Nearly a third of the global viscose supply chain is now verified as low risk of coming from ancient and endangered forests, according to Canopy, a Canadian forestry not-for-profit whose CanopyStyle initiative helps brands and retailers eliminate high-risk fibers from their rayon, modal and viscose clothing.
So what about the other two-thirds?
On Monday, Canopy released its 2018 “Hot Button” ranking, a merit-based system of “buttons” that sums up the performance of 31 of the world’s leading viscose producers based on a range of criteria, such as the completion of third-party verification audits (worth two buttons), the adoption of robust forest-sourcing policies (two buttons), investment in R&D for alternative fibers (one button) and transparency about suppliers (one button).
Lenzing scored 23 out of a possible 35 buttons, followed by Birla Cellulose with 22.5 and Enka with 20. All three producers, which together represent 28 percent of the global viscose supply chain, were awarded with “light green shirt” icons—close to but still short of the preferred “dark green shirt” rating that would signal best-in-class performance.
Tangshan Sanyou, a member of the Collaboration for Sustainable Development of Viscose (CV), a self-regulating Chinese initiative that Changing Markets Foundation took to task last month for lacking in “ambition and transparency,” improved from a yellow in 2017 to a yellow-and-green shirt, “indicating continuous progress,” Canopy said.
Zhejiang Fulida and Xinxiang Bailu Chemical Fiber Co., which are also CV stakeholders, received red-and-yellow shirts associated with a score of five to nine buttons. So did Sateri, which racked up the 10 buttons technically required for a yellow shirt but was demoted due to “confirmed high risk and sources of controversial fiber.”
Aoyang Technology, Shandong Yamei, Jiangsu Xiangsheng Viscose Fiber Co., were dressed down in red shirts, meaning they rated between zero to four buttons and “do not meet minimum requirement for compliance,” Canopy said.
Asia Pacific Rayon was the sole company marked with a white-and-red shirt, Canopy’s visual shorthand for a producer that is at high risk of sourcing from ancient and endangered forests.
On a more positive note, Canopy singled out CV member Yibin Grace, the world’s fifth-largest producer by volume, for proactively engaging with the organization this year, quickly finalizing its policy and embarking on the CanopyStyle audit. It, along with Eastman Chemical Co., received rainbow-striped shirts, marking the companies as “newly engaged and acting.”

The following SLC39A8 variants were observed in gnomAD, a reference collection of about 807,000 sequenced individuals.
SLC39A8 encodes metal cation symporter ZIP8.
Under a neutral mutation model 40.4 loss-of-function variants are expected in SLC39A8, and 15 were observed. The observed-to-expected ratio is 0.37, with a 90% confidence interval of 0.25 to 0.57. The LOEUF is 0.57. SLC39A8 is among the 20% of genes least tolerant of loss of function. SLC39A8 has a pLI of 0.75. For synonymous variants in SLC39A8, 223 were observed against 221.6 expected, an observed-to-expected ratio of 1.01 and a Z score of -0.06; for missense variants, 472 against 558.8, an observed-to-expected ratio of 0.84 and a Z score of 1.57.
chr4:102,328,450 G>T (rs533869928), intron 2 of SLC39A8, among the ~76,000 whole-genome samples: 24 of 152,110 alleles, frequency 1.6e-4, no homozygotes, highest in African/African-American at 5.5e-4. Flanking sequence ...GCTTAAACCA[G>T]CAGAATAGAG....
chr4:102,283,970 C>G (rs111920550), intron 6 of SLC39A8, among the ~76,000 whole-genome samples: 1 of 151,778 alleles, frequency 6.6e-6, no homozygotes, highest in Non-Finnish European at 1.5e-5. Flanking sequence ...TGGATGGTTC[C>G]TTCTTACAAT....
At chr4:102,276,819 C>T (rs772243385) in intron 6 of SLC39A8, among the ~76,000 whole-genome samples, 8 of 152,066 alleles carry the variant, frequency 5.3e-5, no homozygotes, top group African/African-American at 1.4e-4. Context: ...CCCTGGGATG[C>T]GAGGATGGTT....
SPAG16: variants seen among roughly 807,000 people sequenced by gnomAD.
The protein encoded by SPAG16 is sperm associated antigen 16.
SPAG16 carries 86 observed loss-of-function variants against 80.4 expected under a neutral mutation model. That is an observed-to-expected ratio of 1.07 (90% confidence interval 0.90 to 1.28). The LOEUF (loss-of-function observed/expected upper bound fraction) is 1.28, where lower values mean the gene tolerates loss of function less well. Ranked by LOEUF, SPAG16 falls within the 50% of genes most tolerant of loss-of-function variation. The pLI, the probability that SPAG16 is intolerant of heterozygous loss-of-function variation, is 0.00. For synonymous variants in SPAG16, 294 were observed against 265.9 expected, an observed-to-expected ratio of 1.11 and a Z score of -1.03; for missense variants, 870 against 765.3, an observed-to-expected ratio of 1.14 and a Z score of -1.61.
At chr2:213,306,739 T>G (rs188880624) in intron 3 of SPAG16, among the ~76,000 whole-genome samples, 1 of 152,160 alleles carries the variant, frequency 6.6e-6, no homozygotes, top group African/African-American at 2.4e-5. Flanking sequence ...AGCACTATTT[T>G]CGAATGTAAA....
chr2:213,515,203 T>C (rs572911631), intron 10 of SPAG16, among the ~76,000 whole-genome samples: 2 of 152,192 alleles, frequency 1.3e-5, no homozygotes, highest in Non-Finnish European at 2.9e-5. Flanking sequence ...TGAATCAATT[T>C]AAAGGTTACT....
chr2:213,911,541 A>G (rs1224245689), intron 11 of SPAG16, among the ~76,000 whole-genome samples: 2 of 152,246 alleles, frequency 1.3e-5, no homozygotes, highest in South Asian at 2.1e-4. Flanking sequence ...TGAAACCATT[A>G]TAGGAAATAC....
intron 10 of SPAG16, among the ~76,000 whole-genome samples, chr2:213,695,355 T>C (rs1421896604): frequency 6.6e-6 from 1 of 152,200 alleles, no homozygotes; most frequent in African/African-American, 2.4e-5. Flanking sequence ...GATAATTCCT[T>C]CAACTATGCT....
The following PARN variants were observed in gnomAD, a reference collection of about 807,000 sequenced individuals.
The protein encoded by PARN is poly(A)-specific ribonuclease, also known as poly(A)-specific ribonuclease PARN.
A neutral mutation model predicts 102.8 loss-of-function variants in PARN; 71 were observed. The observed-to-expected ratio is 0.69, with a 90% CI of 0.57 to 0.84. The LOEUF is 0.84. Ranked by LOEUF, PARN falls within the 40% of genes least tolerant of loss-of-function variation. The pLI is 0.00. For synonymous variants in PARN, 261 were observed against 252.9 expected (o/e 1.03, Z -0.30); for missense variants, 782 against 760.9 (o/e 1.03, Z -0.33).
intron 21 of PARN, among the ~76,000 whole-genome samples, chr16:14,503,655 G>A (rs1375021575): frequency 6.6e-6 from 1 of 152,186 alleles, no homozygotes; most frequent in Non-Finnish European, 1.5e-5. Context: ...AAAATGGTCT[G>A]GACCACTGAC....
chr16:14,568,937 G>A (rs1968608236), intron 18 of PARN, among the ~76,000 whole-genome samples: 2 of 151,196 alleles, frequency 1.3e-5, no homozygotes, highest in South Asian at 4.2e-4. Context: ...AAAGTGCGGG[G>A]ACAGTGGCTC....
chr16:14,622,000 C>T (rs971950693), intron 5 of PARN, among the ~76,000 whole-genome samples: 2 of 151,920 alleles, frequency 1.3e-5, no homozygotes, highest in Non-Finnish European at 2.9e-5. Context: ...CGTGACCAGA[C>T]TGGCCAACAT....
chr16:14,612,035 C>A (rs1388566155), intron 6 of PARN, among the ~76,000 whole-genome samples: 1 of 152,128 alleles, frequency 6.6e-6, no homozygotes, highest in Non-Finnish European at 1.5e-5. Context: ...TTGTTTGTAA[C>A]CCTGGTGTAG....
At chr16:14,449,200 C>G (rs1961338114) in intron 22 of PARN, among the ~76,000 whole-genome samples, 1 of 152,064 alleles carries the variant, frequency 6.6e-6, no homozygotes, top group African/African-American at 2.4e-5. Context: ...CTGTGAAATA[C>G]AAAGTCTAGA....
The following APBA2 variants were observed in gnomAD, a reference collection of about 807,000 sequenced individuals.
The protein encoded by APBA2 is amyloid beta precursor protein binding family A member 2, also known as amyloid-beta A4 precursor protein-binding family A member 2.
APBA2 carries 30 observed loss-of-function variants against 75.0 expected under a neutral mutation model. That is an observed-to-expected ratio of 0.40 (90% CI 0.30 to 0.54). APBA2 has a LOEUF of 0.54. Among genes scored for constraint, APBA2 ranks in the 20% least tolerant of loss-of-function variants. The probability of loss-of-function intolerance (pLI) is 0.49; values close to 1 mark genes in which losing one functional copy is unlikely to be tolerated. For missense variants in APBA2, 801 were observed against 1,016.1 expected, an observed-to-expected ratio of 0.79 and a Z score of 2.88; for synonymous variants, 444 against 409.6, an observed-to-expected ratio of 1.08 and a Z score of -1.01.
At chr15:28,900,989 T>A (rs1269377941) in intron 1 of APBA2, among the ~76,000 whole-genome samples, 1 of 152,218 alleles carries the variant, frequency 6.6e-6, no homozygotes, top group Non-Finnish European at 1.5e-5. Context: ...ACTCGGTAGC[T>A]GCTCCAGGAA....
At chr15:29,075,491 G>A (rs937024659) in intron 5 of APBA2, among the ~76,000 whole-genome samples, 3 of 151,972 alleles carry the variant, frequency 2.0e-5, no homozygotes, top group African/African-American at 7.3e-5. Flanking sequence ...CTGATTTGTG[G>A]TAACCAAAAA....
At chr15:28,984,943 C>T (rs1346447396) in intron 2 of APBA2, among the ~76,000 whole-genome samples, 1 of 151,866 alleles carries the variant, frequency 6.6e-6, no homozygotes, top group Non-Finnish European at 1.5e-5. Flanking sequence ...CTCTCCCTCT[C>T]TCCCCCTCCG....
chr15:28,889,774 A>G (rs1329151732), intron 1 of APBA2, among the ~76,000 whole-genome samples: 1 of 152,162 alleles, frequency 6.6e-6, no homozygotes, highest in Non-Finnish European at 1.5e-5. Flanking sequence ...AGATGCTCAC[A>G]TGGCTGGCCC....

More than 160 CanopyStyle partner brands, designers, retailers and “countless others” in the clothing industry rely on this yearly assessment of viscose and rayon producers to make responsible sourcing decisions, engage with suppliers and achieve their sustainability goals, Canopy said.
“With brands and retailers having clear purchasing guidelines to source only from Hot Button green-shirt producers from 2020 onwards, it is no longer an option for producers to ignore their forest impacts,” Nicole Rycroft, founder and executive director of Canopy, said in a statement. “It is a clear sign that sustainable sourcing is imperative and that next-generation solutions for the textile industry are on its way.”
Roughly 70 million to 100 million trees are logged annually to produce pulp for rayon, viscose, modal and other cellulosic fibers, Canopy noted. With demand for dissolving pulp projected to increase by 122 percent in the next 40 years, the cellulosic-fiber industry poses an increasing risk to threatened forest ecosystems.
“Catalyzing rapid and broad adoption of these next-generation technologies and ‘disruptive’ innovation is a priority for Canopy and will feature prominently in our work with fashion brands and textiles producers over the coming years,” Rycroft said.
Part of that work also involves identifying the hotspots of problematic sourcing. In November, Canopy launched ForestMapper, a free online tool to help pulp- and lumber-sourcing businesses identify—and avoid—ancient and endangered forests across the globe, from the boreal forests in the Great White North to the rainforests of Indonesia.